Owen, who earned 89 caps between 1998 and 2008, revealed he knew of international team-mates who were scared stiff of criticism of their performances and of being jeered by their own fans.
The 32-year-old felt that was a major reason why England had underperformed in recent years.
Speaking at the Leaders in Football conference at Stamford Bridge, the Stoke striker said: "I've heard many people in the past leading up to England games or after England games talking about what the papers are going to say the next day about them, or how they're going to get booed.
"It's a very intense feeling playing for your country and I don't think people can express themselves, or I don't think people do express themselves, as well as they can or they do at club level.
"At that level, you feel loved, the fans are on your side, you're used to playing with the players week in, week out.
"All of a sudden, you go away with England and it's a little bit, 'As long as I do all right', 'I don't want to be criticised so much'.
"There's certainly a bit of fear.
"There would be players out there who play equally as well for England - or any national team - as they do for their clubs.
"But there are a long list of players that you think, 'why can't you play as well for England as you do for the clubs?'
"There's got to be a reason and I would say that fear certainly plays a part in that."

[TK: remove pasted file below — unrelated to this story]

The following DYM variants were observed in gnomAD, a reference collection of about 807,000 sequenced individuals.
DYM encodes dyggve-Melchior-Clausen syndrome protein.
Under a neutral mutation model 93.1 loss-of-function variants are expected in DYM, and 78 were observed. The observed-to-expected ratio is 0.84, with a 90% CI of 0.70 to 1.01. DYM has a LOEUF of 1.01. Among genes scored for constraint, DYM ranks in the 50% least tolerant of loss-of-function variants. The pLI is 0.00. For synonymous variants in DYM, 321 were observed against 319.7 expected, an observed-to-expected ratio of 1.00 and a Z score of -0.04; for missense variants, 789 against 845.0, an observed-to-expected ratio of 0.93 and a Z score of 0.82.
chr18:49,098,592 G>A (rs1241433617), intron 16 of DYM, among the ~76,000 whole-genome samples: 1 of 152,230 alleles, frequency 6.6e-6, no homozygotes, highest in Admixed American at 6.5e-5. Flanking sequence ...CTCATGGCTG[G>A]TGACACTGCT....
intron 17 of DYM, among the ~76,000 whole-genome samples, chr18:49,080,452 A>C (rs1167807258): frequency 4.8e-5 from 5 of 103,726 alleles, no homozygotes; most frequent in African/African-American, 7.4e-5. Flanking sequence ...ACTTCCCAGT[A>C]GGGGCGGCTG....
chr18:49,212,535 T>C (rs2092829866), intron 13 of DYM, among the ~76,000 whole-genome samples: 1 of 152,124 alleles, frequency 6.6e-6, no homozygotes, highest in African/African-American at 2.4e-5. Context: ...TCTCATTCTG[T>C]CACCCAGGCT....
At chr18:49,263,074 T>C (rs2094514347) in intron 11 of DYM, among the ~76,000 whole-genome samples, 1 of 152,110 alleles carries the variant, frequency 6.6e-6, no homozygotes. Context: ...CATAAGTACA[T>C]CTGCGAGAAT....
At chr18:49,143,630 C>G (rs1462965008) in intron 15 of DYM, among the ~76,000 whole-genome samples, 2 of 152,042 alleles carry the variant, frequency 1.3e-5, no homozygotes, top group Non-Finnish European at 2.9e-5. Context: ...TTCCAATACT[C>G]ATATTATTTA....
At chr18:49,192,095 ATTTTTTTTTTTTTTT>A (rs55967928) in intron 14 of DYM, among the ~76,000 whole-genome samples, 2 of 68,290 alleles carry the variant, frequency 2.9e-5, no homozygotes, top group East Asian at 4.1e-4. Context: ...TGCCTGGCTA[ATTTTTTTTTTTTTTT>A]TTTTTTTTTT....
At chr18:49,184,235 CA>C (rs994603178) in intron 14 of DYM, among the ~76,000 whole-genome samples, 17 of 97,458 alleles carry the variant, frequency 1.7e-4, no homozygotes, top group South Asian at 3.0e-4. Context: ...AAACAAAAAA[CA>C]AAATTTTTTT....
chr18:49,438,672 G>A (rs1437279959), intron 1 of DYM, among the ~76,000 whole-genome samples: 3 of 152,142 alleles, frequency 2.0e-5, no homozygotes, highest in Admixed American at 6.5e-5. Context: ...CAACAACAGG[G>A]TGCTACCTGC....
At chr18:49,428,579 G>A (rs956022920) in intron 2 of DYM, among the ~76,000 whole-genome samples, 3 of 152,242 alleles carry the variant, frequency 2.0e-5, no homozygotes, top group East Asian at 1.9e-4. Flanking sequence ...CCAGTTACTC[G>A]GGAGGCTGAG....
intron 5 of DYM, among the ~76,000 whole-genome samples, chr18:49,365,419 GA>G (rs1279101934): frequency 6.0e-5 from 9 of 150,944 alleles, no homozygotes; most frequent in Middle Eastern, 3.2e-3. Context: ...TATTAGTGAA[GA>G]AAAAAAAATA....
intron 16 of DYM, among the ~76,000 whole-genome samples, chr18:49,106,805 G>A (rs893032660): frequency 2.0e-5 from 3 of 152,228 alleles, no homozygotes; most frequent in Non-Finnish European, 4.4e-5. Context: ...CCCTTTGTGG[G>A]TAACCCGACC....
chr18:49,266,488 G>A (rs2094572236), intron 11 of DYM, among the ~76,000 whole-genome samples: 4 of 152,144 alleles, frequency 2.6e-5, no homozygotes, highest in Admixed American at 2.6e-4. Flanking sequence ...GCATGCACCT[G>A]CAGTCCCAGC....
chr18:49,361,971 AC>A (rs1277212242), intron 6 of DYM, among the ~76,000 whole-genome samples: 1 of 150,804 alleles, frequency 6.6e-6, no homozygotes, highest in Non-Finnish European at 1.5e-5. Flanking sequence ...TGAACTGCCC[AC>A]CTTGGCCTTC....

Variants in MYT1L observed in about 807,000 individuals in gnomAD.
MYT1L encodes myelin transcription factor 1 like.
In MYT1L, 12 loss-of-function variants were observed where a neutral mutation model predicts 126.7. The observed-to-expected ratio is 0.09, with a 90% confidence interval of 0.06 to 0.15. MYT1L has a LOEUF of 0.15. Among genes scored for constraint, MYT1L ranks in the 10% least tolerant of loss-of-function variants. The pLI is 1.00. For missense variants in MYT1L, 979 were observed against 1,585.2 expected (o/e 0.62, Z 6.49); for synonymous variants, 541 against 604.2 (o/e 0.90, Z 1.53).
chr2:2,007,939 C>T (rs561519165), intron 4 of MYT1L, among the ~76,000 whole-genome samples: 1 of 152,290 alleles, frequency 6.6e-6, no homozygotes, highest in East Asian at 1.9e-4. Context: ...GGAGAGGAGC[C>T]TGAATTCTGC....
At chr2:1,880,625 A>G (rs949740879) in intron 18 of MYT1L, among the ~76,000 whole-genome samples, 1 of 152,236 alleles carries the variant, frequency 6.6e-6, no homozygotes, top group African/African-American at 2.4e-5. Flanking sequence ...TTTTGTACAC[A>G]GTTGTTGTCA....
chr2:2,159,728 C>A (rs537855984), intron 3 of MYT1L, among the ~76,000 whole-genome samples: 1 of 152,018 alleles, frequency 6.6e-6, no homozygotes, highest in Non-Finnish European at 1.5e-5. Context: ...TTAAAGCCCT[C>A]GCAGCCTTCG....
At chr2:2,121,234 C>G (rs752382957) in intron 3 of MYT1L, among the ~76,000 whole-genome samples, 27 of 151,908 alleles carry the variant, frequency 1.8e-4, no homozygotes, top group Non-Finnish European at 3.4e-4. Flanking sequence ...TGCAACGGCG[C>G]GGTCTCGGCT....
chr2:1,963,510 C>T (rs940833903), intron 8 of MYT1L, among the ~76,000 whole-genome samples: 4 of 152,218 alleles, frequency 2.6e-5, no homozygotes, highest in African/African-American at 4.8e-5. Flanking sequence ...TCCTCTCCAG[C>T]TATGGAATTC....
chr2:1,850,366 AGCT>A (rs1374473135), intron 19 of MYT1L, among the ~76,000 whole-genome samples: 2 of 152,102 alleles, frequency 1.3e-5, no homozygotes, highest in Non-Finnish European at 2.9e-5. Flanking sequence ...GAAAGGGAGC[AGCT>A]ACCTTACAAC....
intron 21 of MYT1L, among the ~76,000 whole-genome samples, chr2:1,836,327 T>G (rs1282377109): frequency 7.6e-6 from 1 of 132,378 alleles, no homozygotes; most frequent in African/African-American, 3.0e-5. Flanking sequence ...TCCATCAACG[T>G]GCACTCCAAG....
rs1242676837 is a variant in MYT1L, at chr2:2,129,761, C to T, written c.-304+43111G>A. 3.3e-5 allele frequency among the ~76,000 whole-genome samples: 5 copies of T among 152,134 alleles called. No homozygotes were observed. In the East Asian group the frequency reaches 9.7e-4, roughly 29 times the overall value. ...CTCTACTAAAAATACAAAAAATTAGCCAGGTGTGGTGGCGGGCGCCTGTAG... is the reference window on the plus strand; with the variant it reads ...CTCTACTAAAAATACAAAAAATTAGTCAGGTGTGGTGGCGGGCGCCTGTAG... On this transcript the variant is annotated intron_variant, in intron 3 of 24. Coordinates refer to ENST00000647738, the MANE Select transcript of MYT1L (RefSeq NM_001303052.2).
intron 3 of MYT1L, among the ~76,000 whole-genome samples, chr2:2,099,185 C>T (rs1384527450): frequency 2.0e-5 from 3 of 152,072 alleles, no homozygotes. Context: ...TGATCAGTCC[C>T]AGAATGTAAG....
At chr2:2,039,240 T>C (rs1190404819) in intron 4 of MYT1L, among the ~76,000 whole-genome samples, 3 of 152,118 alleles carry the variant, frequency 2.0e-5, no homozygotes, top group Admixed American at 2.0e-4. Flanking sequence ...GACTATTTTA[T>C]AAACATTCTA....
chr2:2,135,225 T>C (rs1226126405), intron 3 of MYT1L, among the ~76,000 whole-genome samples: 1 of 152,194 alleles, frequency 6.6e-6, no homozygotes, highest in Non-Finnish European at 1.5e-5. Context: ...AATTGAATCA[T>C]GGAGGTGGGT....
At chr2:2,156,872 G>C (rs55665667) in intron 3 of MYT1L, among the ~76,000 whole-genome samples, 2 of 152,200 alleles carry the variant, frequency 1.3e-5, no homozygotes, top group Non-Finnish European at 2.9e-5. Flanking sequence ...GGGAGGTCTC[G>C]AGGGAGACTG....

He added: "To the man in the street, it all looks very rosy. Everything looks pretty rosy about being a professional footballer in many ways.
"It ain't easy playing for England. The pressure of playing for England, the time spent away from your families, or whomever it might be, the tournaments.
"The fans would see you on an evening playing and then forget about you for the rest of the week.
"They're the times when your sat in your hotel room staring at four white walls for 10 hours a day for about three or four days.
"It's a long, long stint and it's quite mentally draining."
Owen denied England meant less to players now than in the past and, despite his reservations, was still keen to add to his caps.
He joked: "Some people think I've retired from football full stop.
"I'd never do that, really. But I certainly don't go to bed thinking 'I'm going to be playing for England again'.
"It certainly would be a bonus. It would mean that I would need to get back on the pitch and rediscover my deadly goalscoring touch and everything else."
Meanwhile, Owen welcomed the opening of the National Football Centre at Burton, admitting he had been upset at the demise of the FA's School of Excellence at Lilleshall, where he had been a graduate.
He said: "It's great. We've got Wembley, which is a real iconic stadium, recently been completed.
"And now we've got another home in Burton.
"I think it's a huge, positive step for the English FA to have taken."
The 32-year-old also applauded the FA's decision to introduce a code of conduct for England players in the wake of the Ashley Cole Twitter row.
Owen, a prolific tweeter himself, added of Cole: "He came out straight away and apologised, did exactly the right thing in doing that.
"It's great for all concerned that it's obviously all been sorted now and Ashley can get on with playing for England, which is the most important thing to him and obviously the country."